According to a 2016 report by the U.S. Bureau of Labor Statistics, women make up only 14 percent of those employed in the architecture and engineering occupations. With a desire to mentor and support women in architecture and engineering, Katie Lemler, PE, a Senior Mechanical Engineer at KLH Engineers, recently founded the Central Ohio Women in Architecture/Engineering in Columbus, Ohio.
Tell us about you. How long have you been in engineering? What is your role at KLH?
I’ve been in the MEP world since I graduated from Purdue with a Bachelor of Science in Mechanical Engineering in 2001. It doesn’t seem that long ago, but it will be 18 years coming up this fall! For those who are unfamiliar, MEP stands for mechanical, electrical and plumbing. MEP engineers work alongside architects, structural and civil engineers to design new buildings and renovations to existing buildings. The MEP portions of the building are the guts of the building – heating and cooling, plumbing, power, lighting, etc. I am a Senior Mechanical Engineer at KLH and I also do project management. I have worked on projects from Kroger to the Ohio State University Medical Campus as well as pools, fire stations, office spaces and more!
What inspired you to start Central Ohio Women in Architecture/Engineering? What do you hope to achieve?
It has been building up over a long time, but I’ll give you the last part of the story. I’ve been wanting to figure out a way to support and mentor other women in this industry, so I decided to set up the support network I wish I had when I started out. I was also inspired by my sister raving about a professional women’s group she was a member of in Indiana. When I started looking for a group to join in Columbus, Ohio, they were not what I wanted. I thought, ‘Why not make a new group that is what I want? I can’t be the only one who wants this group!’
What kind of topics do you discuss at your meetings?
At past meetings, we’ve talked about the challenges of working in a male-dominated industry. Even in architecture, which typically has more women than engineering, the leadership teams are mostly men. The topics at our meetings include being the first person to negotiate maternity leave at the company; dealing with blatant and subtle sexism; being the only woman in the room; why or why not and how to pursue leadership roles in our companies; how to mentor women just starting out in the industry, college or high school; other groups and organizations of which we are members; and events, books, podcasts, etc. that we have found valuable. That’s just a sample!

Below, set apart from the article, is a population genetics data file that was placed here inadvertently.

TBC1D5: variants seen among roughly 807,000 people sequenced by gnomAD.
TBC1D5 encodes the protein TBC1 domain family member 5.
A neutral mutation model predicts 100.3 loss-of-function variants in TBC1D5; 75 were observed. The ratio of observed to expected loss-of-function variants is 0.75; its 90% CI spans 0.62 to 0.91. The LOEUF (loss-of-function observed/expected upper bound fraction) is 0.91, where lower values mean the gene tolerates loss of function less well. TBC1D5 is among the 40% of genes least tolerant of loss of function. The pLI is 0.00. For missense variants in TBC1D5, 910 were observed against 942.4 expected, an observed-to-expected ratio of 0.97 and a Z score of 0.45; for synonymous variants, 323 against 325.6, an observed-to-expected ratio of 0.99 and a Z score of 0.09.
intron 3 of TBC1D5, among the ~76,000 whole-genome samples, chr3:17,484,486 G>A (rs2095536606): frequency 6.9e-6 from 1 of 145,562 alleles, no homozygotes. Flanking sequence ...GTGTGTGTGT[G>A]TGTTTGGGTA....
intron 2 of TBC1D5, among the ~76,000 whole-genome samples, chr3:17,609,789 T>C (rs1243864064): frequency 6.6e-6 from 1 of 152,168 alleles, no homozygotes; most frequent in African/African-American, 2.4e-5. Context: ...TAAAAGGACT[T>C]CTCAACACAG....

Going forward, we are planning to have a few speakers a year as well as meetings focused on articles, books, and round table discussions on topics relevant to women in this industry. On March 19, Yanitza Brongers-Marrero, President of AIA Ohio, will be speaking to us about AIA’s diversity initiative. Yanitza is also an Associate Principal and the Director of Housing at Moody Nolan.
For those who are interested in activities outside of the monthly meetings, we are planning to set up small mentoring groups of three to four people and a few happy hours.
Where and how often do you meet?
Currently, we are meeting monthly at lunch. Going forward, our meetings will be the same day each month and rotate between three of our members’ companies with good-sized conference rooms. Thanks to Moody Nolan, Schaefer and MKSK for volunteering your spaces!
What has been the response?
Mostly positive! The women I reached out to in my network were very excited. Many of those women asked to add others and the group kept growing. One even told me she had just been discussing how there really should be a group for women who work on the design side of the construction industry. As busy as so many of us are, I’ve only had a few that weren’t interested. However, many stayed on the invitation list as they want to attend in the future. We’ve had eight to 12 women at each meeting and will have 15 at our fifth meeting on March 19!
How can other women in the industry join?